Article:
“I don’t think the specialty market is growing tremendously, but I think it’s a niche item, and it’s not going to follow the same path as your bigger items,” he said.
The company carries an array of specialty items, including several varieties of radicchio; fennel; kale; punatarelle, a chicory; cardone, a relative of the artichoke; romanesco, a cauliflower varietal; two varieties of figs; Marzano tomatoes; organic sweet corn; Romano beans; and almonds.
“Specialty crops take advantage of a niche with low-demand and control over supply,” Marchini said.
Summer is a time for specialty fruits to flourish, said Robert Schueller, public relations director with Vernon, Calif.-based World Variety Produce Inc., which ships under the Melissa’s label.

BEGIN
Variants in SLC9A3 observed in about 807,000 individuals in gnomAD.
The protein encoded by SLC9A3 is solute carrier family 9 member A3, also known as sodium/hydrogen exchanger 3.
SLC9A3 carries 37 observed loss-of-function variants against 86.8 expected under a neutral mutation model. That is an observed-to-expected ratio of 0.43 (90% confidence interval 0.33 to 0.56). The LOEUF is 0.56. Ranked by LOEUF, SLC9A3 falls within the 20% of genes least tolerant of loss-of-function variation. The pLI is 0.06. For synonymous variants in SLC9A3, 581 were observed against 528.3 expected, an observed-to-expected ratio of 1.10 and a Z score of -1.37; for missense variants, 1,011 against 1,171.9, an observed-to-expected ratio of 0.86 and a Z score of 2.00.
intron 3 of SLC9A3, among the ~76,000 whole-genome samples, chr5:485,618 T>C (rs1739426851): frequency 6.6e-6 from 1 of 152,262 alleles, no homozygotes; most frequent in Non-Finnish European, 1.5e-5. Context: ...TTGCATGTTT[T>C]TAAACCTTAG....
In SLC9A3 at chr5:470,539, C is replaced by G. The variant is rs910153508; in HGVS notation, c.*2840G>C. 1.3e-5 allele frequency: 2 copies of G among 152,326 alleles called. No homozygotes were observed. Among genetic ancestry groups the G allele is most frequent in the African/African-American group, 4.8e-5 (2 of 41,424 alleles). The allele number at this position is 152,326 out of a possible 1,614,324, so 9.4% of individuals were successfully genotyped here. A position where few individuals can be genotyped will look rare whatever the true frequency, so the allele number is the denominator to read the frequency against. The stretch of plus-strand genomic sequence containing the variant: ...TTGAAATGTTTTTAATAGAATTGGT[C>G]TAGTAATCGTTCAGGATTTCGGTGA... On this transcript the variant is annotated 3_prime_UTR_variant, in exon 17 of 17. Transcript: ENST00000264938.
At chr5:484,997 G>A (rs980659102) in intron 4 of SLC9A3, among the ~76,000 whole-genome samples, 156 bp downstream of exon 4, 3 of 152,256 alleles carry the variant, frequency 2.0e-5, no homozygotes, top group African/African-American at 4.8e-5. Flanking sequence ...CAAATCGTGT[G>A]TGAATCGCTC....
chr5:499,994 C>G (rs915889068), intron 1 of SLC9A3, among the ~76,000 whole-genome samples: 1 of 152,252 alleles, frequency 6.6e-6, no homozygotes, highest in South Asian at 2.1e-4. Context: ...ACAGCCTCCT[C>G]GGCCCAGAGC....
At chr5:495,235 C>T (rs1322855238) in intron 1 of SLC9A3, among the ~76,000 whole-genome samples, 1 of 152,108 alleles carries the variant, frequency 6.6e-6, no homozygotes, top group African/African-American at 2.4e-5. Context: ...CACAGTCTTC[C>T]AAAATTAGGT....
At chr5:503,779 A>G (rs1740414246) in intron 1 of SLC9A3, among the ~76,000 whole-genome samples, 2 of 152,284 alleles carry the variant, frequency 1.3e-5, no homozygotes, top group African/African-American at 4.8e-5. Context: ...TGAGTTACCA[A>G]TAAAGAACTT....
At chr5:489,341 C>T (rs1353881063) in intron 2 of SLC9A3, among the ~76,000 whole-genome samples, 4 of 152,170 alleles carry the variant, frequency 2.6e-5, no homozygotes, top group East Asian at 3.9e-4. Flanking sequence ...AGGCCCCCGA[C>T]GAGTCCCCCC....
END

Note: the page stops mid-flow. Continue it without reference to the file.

“For the upcoming summer season, I would definitely say a variety of tree fruits — not just your typical peach, nectarine and plum — are going to find their way to the customers,” Schueller said.
He added the company is seeing “great distribution for its red velvet and black velvet apricots, as well as Saturn peaches, royale nectarines and several plumcot varieties.
Demand for herbs has picked up, said Camilo Penalosa, vice president of business development with Miami-based Infinite Herbs & Specialties LLC.
“Lately, as the economy has improved some, we’ve noticed there’s been some increase in demand on herbs in higher-end restaurants, which are starting to ask for new products again,” he said.
Among the most popular items are lemongrass, Thai basil and ginger, he said.